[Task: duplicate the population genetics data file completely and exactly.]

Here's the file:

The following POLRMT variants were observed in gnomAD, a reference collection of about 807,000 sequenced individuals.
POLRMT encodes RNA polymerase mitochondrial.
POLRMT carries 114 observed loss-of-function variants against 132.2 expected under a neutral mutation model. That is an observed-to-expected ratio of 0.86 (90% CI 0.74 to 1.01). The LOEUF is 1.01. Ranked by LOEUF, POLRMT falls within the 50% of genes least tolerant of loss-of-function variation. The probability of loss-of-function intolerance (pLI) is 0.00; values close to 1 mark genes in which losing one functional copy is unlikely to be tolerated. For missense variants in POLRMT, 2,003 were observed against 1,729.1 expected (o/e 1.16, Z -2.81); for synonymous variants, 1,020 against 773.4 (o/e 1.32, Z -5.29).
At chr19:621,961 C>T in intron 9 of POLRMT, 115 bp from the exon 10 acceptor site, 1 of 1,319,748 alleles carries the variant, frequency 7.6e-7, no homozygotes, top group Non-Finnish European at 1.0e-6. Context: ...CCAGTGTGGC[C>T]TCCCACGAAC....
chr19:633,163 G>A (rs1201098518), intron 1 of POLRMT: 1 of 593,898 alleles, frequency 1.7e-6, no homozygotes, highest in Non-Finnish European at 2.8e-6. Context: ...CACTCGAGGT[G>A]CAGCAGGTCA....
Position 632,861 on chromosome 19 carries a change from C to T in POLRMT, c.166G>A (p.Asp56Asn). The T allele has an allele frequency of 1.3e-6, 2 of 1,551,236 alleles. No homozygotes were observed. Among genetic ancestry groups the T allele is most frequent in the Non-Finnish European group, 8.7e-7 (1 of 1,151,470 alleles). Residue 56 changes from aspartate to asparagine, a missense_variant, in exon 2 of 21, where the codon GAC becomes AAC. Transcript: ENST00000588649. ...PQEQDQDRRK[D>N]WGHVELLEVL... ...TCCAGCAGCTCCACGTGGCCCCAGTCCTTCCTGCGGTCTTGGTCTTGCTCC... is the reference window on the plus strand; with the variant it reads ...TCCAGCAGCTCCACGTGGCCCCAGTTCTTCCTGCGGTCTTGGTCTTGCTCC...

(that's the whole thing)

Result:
The following POLRMT variants were observed in gnomAD, a reference collection of about 807,000 sequenced individuals.
POLRMT encodes RNA polymerase mitochondrial.
POLRMT carries 114 observed loss-of-function variants against 132.2 expected under a neutral mutation model. That is an observed-to-expected ratio of 0.86 (90% CI 0.74 to 1.01). The LOEUF is 1.01. Ranked by LOEUF, POLRMT falls within the 50% of genes least tolerant of loss-of-function variation. The probability of loss-of-function intolerance (pLI) is 0.00; values close to 1 mark genes in which losing one functional copy is unlikely to be tolerated. For missense variants in POLRMT, 2,003 were observed against 1,729.1 expected (o/e 1.16, Z -2.81); for synonymous variants, 1,020 against 773.4 (o/e 1.32, Z -5.29).
At chr19:621,961 C>T in intron 9 of POLRMT, 115 bp from the exon 10 acceptor site, 1 of 1,319,748 alleles carries the variant, frequency 7.6e-7, no homozygotes, top group Non-Finnish European at 1.0e-6. Context: ...CCAGTGTGGC[C>T]TCCCACGAAC....
chr19:633,163 G>A (rs1201098518), intron 1 of POLRMT: 1 of 593,898 alleles, frequency 1.7e-6, no homozygotes, highest in Non-Finnish European at 2.8e-6. Context: ...CACTCGAGGT[G>A]CAGCAGGTCA....
Position 632,861 on chromosome 19 carries a change from C to T in POLRMT, c.166G>A (p.Asp56Asn). The T allele has an allele frequency of 1.3e-6, 2 of 1,551,236 alleles. No homozygotes were observed. Among genetic ancestry groups the T allele is most frequent in the Non-Finnish European group, 8.7e-7 (1 of 1,151,470 alleles). Residue 56 changes from aspartate to asparagine, a missense_variant, in exon 2 of 21, where the codon GAC becomes AAC. Transcript: ENST00000588649. ...PQEQDQDRRK[D>N]WGHVELLEVL... ...TCCAGCAGCTCCACGTGGCCCCAGTCCTTCCTGCGGTCTTGGTCTTGCTCC... is the reference window on the plus strand; with the variant it reads ...TCCAGCAGCTCCACGTGGCCCCAGTTCTTCCTGCGGTCTTGGTCTTGCTCC...